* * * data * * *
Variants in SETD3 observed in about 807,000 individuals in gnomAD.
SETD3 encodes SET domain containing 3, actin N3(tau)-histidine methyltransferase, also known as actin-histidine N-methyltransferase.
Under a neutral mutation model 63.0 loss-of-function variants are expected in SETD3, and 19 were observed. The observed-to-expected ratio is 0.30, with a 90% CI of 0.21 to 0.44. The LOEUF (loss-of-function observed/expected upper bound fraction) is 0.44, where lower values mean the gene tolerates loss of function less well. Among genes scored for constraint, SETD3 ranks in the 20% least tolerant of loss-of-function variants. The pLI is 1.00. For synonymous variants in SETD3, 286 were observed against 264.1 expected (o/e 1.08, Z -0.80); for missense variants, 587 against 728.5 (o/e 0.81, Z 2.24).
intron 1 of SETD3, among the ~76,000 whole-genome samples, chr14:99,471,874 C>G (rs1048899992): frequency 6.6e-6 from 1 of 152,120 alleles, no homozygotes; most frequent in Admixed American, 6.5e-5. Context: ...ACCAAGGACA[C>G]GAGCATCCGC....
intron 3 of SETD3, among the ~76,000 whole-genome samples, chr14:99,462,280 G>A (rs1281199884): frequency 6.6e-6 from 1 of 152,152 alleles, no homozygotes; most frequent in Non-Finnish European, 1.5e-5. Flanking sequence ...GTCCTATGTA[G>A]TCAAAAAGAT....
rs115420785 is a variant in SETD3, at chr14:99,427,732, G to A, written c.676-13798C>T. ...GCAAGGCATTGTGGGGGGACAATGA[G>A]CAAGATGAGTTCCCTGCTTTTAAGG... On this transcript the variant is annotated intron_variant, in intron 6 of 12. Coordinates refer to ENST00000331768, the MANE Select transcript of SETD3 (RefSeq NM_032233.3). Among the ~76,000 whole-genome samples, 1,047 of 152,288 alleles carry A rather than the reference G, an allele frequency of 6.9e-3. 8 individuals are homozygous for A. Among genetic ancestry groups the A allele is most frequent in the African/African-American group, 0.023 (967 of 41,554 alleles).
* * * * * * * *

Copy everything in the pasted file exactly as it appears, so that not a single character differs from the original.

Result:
Variants in SETD3 observed in about 807,000 individuals in gnomAD.
SETD3 encodes SET domain containing 3, actin N3(tau)-histidine methyltransferase, also known as actin-histidine N-methyltransferase.
Under a neutral mutation model 63.0 loss-of-function variants are expected in SETD3, and 19 were observed. The observed-to-expected ratio is 0.30, with a 90% CI of 0.21 to 0.44. The LOEUF (loss-of-function observed/expected upper bound fraction) is 0.44, where lower values mean the gene tolerates loss of function less well. Among genes scored for constraint, SETD3 ranks in the 20% least tolerant of loss-of-function variants. The pLI is 1.00. For synonymous variants in SETD3, 286 were observed against 264.1 expected (o/e 1.08, Z -0.80); for missense variants, 587 against 728.5 (o/e 0.81, Z 2.24).
intron 1 of SETD3, among the ~76,000 whole-genome samples, chr14:99,471,874 C>G (rs1048899992): frequency 6.6e-6 from 1 of 152,120 alleles, no homozygotes; most frequent in Admixed American, 6.5e-5. Context: ...ACCAAGGACA[C>G]GAGCATCCGC....
intron 3 of SETD3, among the ~76,000 whole-genome samples, chr14:99,462,280 G>A (rs1281199884): frequency 6.6e-6 from 1 of 152,152 alleles, no homozygotes; most frequent in Non-Finnish European, 1.5e-5. Flanking sequence ...GTCCTATGTA[G>A]TCAAAAAGAT....
rs115420785 is a variant in SETD3, at chr14:99,427,732, G to A, written c.676-13798C>T. ...GCAAGGCATTGTGGGGGGACAATGA[G>A]CAAGATGAGTTCCCTGCTTTTAAGG... On this transcript the variant is annotated intron_variant, in intron 6 of 12. Coordinates refer to ENST00000331768, the MANE Select transcript of SETD3 (RefSeq NM_032233.3). Among the ~76,000 whole-genome samples, 1,047 of 152,288 alleles carry A rather than the reference G, an allele frequency of 6.9e-3. 8 individuals are homozygous for A. Among genetic ancestry groups the A allele is most frequent in the African/African-American group, 0.023 (967 of 41,554 alleles).